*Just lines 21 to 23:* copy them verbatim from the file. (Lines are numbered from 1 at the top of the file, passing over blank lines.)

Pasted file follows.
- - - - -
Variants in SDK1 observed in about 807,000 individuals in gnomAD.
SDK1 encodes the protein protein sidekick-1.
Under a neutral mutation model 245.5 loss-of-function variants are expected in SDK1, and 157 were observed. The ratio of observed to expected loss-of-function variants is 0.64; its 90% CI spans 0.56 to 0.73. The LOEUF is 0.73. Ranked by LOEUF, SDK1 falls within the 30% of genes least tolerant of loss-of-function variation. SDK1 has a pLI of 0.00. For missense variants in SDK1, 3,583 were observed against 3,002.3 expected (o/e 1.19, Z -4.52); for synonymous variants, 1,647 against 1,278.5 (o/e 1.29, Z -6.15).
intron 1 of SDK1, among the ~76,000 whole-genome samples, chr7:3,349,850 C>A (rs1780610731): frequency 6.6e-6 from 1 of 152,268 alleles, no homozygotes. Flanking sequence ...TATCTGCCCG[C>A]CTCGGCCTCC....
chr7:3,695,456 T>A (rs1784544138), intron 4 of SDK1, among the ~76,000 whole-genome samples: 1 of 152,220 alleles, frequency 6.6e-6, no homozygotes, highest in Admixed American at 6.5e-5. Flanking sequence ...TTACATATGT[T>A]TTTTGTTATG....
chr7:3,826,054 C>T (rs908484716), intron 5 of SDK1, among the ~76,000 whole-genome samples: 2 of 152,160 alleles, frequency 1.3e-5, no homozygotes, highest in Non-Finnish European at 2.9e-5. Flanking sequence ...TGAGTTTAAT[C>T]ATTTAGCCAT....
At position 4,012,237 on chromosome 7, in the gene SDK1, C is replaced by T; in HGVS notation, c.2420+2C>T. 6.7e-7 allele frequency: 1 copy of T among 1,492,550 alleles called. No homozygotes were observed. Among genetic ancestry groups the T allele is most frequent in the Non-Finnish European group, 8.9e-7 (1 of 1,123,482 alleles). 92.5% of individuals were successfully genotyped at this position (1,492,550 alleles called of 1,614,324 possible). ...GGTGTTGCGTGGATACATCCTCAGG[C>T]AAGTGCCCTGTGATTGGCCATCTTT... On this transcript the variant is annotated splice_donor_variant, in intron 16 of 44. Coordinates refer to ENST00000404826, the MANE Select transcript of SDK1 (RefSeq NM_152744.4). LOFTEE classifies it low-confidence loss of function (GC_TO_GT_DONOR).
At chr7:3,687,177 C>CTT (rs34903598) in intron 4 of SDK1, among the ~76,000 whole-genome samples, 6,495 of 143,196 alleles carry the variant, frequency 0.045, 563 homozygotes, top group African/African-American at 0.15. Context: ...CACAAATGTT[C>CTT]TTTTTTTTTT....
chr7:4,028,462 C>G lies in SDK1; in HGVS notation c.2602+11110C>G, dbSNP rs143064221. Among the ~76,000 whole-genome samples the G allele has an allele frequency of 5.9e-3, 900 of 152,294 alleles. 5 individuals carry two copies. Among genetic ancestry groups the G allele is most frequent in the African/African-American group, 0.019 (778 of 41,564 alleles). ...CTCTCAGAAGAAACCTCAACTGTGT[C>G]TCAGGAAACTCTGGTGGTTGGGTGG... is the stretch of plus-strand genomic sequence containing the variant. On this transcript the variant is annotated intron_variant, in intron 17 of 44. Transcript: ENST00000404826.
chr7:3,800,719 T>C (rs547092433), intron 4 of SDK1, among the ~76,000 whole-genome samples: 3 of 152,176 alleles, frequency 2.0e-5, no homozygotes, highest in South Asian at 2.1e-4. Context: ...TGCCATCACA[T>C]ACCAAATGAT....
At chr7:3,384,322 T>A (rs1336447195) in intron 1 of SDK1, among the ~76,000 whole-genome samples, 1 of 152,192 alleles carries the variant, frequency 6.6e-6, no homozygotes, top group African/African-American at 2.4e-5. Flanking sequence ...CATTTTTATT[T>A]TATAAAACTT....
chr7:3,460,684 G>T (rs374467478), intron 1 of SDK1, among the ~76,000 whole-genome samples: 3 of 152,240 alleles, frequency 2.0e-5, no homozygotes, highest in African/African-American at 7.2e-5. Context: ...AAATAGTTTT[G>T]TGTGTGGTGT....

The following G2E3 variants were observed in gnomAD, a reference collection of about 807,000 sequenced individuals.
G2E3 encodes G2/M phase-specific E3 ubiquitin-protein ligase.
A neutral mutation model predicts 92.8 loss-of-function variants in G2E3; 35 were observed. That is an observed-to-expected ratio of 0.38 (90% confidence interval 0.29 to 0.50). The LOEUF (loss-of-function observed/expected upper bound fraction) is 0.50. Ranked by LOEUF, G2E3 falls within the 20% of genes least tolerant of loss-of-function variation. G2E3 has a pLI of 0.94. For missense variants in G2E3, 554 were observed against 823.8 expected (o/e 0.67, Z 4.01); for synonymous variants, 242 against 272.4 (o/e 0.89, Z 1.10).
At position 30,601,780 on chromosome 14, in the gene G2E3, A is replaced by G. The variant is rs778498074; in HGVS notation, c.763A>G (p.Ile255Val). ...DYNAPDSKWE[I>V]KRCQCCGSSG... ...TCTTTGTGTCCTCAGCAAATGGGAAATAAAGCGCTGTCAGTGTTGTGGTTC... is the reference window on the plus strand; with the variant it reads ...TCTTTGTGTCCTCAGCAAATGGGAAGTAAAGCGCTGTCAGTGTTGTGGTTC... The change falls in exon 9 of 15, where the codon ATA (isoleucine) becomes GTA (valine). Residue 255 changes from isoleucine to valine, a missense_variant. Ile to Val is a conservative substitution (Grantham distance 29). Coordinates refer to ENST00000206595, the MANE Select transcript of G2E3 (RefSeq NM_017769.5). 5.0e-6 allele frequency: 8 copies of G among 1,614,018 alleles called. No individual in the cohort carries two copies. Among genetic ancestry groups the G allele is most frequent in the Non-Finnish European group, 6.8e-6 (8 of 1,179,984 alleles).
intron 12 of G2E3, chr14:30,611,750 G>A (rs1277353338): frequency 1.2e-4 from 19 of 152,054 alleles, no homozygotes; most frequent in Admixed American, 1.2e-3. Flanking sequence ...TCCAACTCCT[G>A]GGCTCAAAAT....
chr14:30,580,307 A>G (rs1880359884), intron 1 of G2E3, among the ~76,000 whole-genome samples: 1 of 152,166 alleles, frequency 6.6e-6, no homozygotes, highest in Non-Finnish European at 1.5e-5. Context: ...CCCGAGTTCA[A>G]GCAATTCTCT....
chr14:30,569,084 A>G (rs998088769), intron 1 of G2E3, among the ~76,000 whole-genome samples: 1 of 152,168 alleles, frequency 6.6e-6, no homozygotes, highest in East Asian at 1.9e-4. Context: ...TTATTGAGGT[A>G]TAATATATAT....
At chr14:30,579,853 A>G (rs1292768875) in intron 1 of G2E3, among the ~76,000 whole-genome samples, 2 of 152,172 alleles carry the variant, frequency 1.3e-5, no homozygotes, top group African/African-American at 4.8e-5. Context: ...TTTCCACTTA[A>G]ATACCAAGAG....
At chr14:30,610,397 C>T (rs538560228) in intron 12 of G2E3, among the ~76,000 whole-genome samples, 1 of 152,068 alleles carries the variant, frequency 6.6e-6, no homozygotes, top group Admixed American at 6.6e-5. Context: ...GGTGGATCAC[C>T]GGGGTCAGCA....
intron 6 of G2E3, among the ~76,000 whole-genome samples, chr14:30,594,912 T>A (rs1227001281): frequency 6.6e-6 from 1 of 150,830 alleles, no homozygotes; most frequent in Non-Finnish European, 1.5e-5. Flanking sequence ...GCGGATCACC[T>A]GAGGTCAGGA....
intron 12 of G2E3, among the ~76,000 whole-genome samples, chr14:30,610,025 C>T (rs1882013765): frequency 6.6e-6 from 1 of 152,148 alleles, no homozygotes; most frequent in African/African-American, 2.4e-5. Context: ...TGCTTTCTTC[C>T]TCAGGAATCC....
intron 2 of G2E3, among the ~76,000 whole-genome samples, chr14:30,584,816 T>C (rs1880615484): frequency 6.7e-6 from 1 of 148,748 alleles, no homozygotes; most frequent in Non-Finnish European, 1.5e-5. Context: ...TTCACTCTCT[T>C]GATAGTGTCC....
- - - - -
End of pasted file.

At chr14:30,610,397 C>T (rs538560228) in intron 12 of G2E3, among the ~76,000 whole-genome samples, 1 of 152,068 alleles carries the variant, frequency 6.6e-6, no homozygotes, top group Admixed American at 6.6e-5. Context: ...GGTGGATCAC[C>T]GGGGTCAGCA....
intron 6 of G2E3, among the ~76,000 whole-genome samples, chr14:30,594,912 T>A (rs1227001281): frequency 6.6e-6 from 1 of 150,830 alleles, no homozygotes; most frequent in Non-Finnish European, 1.5e-5. Flanking sequence ...GCGGATCACC[T>A]GAGGTCAGGA....
intron 12 of G2E3, among the ~76,000 whole-genome samples, chr14:30,610,025 C>T (rs1882013765): frequency 6.6e-6 from 1 of 152,148 alleles, no homozygotes; most frequent in African/African-American, 2.4e-5. Context: ...TGCTTTCTTC[C>T]TCAGGAATCC....